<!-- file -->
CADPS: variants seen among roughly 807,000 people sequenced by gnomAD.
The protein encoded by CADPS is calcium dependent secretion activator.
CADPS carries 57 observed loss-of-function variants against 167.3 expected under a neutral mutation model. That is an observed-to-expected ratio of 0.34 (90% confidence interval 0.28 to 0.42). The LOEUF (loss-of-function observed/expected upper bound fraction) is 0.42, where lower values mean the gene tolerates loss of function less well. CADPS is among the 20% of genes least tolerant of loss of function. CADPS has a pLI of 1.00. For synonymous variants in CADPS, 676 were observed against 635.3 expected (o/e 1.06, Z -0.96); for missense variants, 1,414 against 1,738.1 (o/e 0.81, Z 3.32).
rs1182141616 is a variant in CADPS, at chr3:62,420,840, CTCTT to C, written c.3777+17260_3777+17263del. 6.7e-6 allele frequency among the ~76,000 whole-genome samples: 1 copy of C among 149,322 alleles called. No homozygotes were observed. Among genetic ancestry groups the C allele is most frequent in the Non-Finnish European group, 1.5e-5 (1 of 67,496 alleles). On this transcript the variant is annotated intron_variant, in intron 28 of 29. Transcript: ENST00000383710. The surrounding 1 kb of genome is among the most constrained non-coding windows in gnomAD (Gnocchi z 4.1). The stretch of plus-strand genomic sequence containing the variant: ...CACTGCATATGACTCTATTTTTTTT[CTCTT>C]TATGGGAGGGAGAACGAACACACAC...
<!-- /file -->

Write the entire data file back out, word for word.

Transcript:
CADPS: variants seen among roughly 807,000 people sequenced by gnomAD.
The protein encoded by CADPS is calcium dependent secretion activator.
CADPS carries 57 observed loss-of-function variants against 167.3 expected under a neutral mutation model. That is an observed-to-expected ratio of 0.34 (90% confidence interval 0.28 to 0.42). The LOEUF (loss-of-function observed/expected upper bound fraction) is 0.42, where lower values mean the gene tolerates loss of function less well. CADPS is among the 20% of genes least tolerant of loss of function. CADPS has a pLI of 1.00. For synonymous variants in CADPS, 676 were observed against 635.3 expected (o/e 1.06, Z -0.96); for missense variants, 1,414 against 1,738.1 (o/e 0.81, Z 3.32).
rs1182141616 is a variant in CADPS, at chr3:62,420,840, CTCTT to C, written c.3777+17260_3777+17263del. 6.7e-6 allele frequency among the ~76,000 whole-genome samples: 1 copy of C among 149,322 alleles called. No homozygotes were observed. Among genetic ancestry groups the C allele is most frequent in the Non-Finnish European group, 1.5e-5 (1 of 67,496 alleles). On this transcript the variant is annotated intron_variant, in intron 28 of 29. Transcript: ENST00000383710. The surrounding 1 kb of genome is among the most constrained non-coding windows in gnomAD (Gnocchi z 4.1). The stretch of plus-strand genomic sequence containing the variant: ...CACTGCATATGACTCTATTTTTTTT[CTCTT>C]TATGGGAGGGAGAACGAACACACAC...